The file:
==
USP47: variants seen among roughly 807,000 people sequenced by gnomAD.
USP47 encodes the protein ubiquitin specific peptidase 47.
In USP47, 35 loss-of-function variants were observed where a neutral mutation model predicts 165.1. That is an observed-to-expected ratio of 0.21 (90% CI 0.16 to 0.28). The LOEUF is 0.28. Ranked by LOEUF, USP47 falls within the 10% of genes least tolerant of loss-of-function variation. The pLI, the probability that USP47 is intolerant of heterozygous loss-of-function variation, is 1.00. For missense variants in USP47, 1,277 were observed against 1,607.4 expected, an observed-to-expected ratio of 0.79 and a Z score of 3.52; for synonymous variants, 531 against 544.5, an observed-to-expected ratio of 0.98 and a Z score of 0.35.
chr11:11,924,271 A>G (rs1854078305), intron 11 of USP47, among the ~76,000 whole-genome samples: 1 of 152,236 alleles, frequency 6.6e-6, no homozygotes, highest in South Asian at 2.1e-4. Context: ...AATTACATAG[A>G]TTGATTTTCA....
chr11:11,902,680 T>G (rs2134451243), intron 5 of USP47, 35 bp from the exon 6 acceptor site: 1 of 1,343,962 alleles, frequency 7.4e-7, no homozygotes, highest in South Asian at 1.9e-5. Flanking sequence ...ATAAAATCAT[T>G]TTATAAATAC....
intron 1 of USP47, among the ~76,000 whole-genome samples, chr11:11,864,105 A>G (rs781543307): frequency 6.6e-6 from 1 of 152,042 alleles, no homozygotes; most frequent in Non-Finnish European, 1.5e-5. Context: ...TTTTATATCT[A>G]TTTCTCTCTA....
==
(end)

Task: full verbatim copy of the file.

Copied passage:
USP47: variants seen among roughly 807,000 people sequenced by gnomAD.
USP47 encodes the protein ubiquitin specific peptidase 47.
In USP47, 35 loss-of-function variants were observed where a neutral mutation model predicts 165.1. That is an observed-to-expected ratio of 0.21 (90% CI 0.16 to 0.28). The LOEUF is 0.28. Ranked by LOEUF, USP47 falls within the 10% of genes least tolerant of loss-of-function variation. The pLI, the probability that USP47 is intolerant of heterozygous loss-of-function variation, is 1.00. For missense variants in USP47, 1,277 were observed against 1,607.4 expected, an observed-to-expected ratio of 0.79 and a Z score of 3.52; for synonymous variants, 531 against 544.5, an observed-to-expected ratio of 0.98 and a Z score of 0.35.
chr11:11,924,271 A>G (rs1854078305), intron 11 of USP47, among the ~76,000 whole-genome samples: 1 of 152,236 alleles, frequency 6.6e-6, no homozygotes, highest in South Asian at 2.1e-4. Context: ...AATTACATAG[A>G]TTGATTTTCA....
chr11:11,902,680 T>G (rs2134451243), intron 5 of USP47, 35 bp from the exon 6 acceptor site: 1 of 1,343,962 alleles, frequency 7.4e-7, no homozygotes, highest in South Asian at 1.9e-5. Flanking sequence ...ATAAAATCAT[T>G]TTATAAATAC....
intron 1 of USP47, among the ~76,000 whole-genome samples, chr11:11,864,105 A>G (rs781543307): frequency 6.6e-6 from 1 of 152,042 alleles, no homozygotes; most frequent in Non-Finnish European, 1.5e-5. Context: ...TTTTATATCT[A>G]TTTCTCTCTA....